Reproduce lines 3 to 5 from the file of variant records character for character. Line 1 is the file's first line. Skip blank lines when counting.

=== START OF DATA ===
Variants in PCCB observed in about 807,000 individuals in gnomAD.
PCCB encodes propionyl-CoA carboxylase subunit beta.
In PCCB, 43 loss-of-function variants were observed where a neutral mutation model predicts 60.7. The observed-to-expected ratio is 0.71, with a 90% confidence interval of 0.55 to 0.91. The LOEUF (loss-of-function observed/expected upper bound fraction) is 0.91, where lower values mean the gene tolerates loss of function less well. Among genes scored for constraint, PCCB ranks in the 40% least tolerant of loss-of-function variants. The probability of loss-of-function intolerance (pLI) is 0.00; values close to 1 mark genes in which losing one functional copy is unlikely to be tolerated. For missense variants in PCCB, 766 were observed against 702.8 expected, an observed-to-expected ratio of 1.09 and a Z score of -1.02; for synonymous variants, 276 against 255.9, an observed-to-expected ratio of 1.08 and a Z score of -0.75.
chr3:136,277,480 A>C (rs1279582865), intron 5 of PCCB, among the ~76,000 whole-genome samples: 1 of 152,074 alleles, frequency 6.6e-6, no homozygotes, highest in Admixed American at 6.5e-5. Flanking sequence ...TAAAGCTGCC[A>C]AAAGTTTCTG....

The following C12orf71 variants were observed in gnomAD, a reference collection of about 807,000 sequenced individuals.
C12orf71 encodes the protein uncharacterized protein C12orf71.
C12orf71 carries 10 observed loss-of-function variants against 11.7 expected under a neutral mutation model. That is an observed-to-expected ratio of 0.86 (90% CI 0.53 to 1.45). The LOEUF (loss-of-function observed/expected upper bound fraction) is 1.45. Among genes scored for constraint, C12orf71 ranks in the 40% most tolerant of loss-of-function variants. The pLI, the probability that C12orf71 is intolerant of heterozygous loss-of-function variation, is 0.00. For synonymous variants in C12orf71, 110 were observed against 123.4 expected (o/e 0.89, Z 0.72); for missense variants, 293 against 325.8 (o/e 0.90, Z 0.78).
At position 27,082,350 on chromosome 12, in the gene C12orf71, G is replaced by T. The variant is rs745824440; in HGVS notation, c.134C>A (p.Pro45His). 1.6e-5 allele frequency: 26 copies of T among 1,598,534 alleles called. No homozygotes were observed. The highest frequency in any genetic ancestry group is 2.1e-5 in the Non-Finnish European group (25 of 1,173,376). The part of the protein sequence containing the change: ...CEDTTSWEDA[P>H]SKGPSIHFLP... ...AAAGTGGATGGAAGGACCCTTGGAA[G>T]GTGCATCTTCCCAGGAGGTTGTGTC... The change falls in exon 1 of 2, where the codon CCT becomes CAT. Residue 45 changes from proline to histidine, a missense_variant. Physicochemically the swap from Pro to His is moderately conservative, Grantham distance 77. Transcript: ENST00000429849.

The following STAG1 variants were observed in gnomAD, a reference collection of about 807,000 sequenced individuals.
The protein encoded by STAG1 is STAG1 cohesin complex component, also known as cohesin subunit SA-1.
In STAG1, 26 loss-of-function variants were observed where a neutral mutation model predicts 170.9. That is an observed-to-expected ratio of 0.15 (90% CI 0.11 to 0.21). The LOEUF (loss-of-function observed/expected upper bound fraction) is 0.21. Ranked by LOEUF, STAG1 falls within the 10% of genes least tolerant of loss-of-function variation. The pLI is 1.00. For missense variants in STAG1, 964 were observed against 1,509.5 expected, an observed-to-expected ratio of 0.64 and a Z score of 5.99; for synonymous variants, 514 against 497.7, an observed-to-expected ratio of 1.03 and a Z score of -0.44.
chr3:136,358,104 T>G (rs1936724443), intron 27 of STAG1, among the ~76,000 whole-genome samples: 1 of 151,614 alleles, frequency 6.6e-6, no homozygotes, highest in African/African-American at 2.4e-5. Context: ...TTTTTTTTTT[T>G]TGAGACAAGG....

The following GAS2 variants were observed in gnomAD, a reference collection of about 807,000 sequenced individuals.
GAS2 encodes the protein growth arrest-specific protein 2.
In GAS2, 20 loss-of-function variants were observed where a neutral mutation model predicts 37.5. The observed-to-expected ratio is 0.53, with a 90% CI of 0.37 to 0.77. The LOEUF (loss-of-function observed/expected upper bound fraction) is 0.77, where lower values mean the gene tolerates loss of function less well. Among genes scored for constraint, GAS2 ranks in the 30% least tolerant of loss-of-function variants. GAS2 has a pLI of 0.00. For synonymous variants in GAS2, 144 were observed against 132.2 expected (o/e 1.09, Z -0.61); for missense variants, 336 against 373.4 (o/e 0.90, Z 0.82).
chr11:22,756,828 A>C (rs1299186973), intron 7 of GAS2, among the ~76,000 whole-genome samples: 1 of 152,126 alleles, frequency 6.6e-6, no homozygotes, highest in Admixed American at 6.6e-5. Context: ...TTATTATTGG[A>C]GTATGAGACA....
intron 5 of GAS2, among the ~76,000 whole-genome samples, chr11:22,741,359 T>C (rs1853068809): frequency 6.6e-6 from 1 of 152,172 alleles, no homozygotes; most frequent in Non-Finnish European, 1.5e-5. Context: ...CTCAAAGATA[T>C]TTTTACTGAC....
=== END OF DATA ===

In PCCB, 43 loss-of-function variants were observed where a neutral mutation model predicts 60.7. The observed-to-expected ratio is 0.71, with a 90% confidence interval of 0.55 to 0.91. The LOEUF (loss-of-function observed/expected upper bound fraction) is 0.91, where lower values mean the gene tolerates loss of function less well. Among genes scored for constraint, PCCB ranks in the 40% least tolerant of loss-of-function variants. The probability of loss-of-function intolerance (pLI) is 0.00; values close to 1 mark genes in which losing one functional copy is unlikely to be tolerated. For missense variants in PCCB, 766 were observed against 702.8 expected, an observed-to-expected ratio of 1.09 and a Z score of -1.02; for synonymous variants, 276 against 255.9, an observed-to-expected ratio of 1.08 and a Z score of -0.75.
chr3:136,277,480 A>C (rs1279582865), intron 5 of PCCB, among the ~76,000 whole-genome samples: 1 of 152,074 alleles, frequency 6.6e-6, no homozygotes, highest in Admixed American at 6.5e-5. Flanking sequence ...TAAAGCTGCC[A>C]AAAGTTTCTG....

The following C12orf71 variants were observed in gnomAD, a reference collection of about 807,000 sequenced individuals.